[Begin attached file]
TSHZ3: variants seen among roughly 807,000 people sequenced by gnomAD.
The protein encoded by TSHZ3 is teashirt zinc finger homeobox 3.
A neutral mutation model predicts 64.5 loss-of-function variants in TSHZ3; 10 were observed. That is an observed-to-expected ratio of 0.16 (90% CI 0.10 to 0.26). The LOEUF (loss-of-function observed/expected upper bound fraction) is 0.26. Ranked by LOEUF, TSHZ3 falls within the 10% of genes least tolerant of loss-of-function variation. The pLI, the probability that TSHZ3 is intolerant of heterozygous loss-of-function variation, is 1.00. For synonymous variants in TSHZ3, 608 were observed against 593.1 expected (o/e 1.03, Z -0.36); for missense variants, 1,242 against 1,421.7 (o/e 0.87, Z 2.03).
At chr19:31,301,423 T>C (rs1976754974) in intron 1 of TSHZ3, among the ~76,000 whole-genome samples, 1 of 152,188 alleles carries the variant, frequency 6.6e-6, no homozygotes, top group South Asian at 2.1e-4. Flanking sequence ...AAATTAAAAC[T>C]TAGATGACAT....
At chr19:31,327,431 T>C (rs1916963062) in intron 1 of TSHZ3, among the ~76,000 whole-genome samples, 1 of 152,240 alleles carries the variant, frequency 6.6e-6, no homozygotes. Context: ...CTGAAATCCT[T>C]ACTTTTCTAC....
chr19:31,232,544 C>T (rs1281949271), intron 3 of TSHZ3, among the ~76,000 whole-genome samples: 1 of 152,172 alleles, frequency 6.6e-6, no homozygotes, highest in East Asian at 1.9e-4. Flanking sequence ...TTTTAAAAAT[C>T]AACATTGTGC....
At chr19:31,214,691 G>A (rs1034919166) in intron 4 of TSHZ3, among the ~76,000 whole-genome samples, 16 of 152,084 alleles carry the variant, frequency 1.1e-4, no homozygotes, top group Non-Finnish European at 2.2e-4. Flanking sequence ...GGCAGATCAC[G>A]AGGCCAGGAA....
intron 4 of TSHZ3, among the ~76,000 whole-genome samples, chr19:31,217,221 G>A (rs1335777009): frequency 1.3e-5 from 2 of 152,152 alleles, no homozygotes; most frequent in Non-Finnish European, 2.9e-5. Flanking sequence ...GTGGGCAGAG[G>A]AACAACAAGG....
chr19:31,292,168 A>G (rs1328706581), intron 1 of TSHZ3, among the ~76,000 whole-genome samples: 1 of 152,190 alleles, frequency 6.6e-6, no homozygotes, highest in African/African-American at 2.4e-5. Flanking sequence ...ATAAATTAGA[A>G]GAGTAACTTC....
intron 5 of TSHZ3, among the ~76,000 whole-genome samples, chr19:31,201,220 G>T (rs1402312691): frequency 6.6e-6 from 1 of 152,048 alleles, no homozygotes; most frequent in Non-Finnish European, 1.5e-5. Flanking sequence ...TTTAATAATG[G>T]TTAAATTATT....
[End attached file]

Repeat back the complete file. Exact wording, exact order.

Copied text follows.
TSHZ3: variants seen among roughly 807,000 people sequenced by gnomAD.
The protein encoded by TSHZ3 is teashirt zinc finger homeobox 3.
A neutral mutation model predicts 64.5 loss-of-function variants in TSHZ3; 10 were observed. That is an observed-to-expected ratio of 0.16 (90% CI 0.10 to 0.26). The LOEUF (loss-of-function observed/expected upper bound fraction) is 0.26. Ranked by LOEUF, TSHZ3 falls within the 10% of genes least tolerant of loss-of-function variation. The pLI, the probability that TSHZ3 is intolerant of heterozygous loss-of-function variation, is 1.00. For synonymous variants in TSHZ3, 608 were observed against 593.1 expected (o/e 1.03, Z -0.36); for missense variants, 1,242 against 1,421.7 (o/e 0.87, Z 2.03).
At chr19:31,301,423 T>C (rs1976754974) in intron 1 of TSHZ3, among the ~76,000 whole-genome samples, 1 of 152,188 alleles carries the variant, frequency 6.6e-6, no homozygotes, top group South Asian at 2.1e-4. Flanking sequence ...AAATTAAAAC[T>C]TAGATGACAT....
At chr19:31,327,431 T>C (rs1916963062) in intron 1 of TSHZ3, among the ~76,000 whole-genome samples, 1 of 152,240 alleles carries the variant, frequency 6.6e-6, no homozygotes. Context: ...CTGAAATCCT[T>C]ACTTTTCTAC....
chr19:31,232,544 C>T (rs1281949271), intron 3 of TSHZ3, among the ~76,000 whole-genome samples: 1 of 152,172 alleles, frequency 6.6e-6, no homozygotes, highest in East Asian at 1.9e-4. Flanking sequence ...TTTTAAAAAT[C>T]AACATTGTGC....
At chr19:31,214,691 G>A (rs1034919166) in intron 4 of TSHZ3, among the ~76,000 whole-genome samples, 16 of 152,084 alleles carry the variant, frequency 1.1e-4, no homozygotes, top group Non-Finnish European at 2.2e-4. Flanking sequence ...GGCAGATCAC[G>A]AGGCCAGGAA....
intron 4 of TSHZ3, among the ~76,000 whole-genome samples, chr19:31,217,221 G>A (rs1335777009): frequency 1.3e-5 from 2 of 152,152 alleles, no homozygotes; most frequent in Non-Finnish European, 2.9e-5. Flanking sequence ...GTGGGCAGAG[G>A]AACAACAAGG....
chr19:31,292,168 A>G (rs1328706581), intron 1 of TSHZ3, among the ~76,000 whole-genome samples: 1 of 152,190 alleles, frequency 6.6e-6, no homozygotes, highest in African/African-American at 2.4e-5. Flanking sequence ...ATAAATTAGA[A>G]GAGTAACTTC....
intron 5 of TSHZ3, among the ~76,000 whole-genome samples, chr19:31,201,220 G>T (rs1402312691): frequency 6.6e-6 from 1 of 152,048 alleles, no homozygotes; most frequent in Non-Finnish European, 1.5e-5. Flanking sequence ...TTTAATAATG[G>T]TTAAATTATT....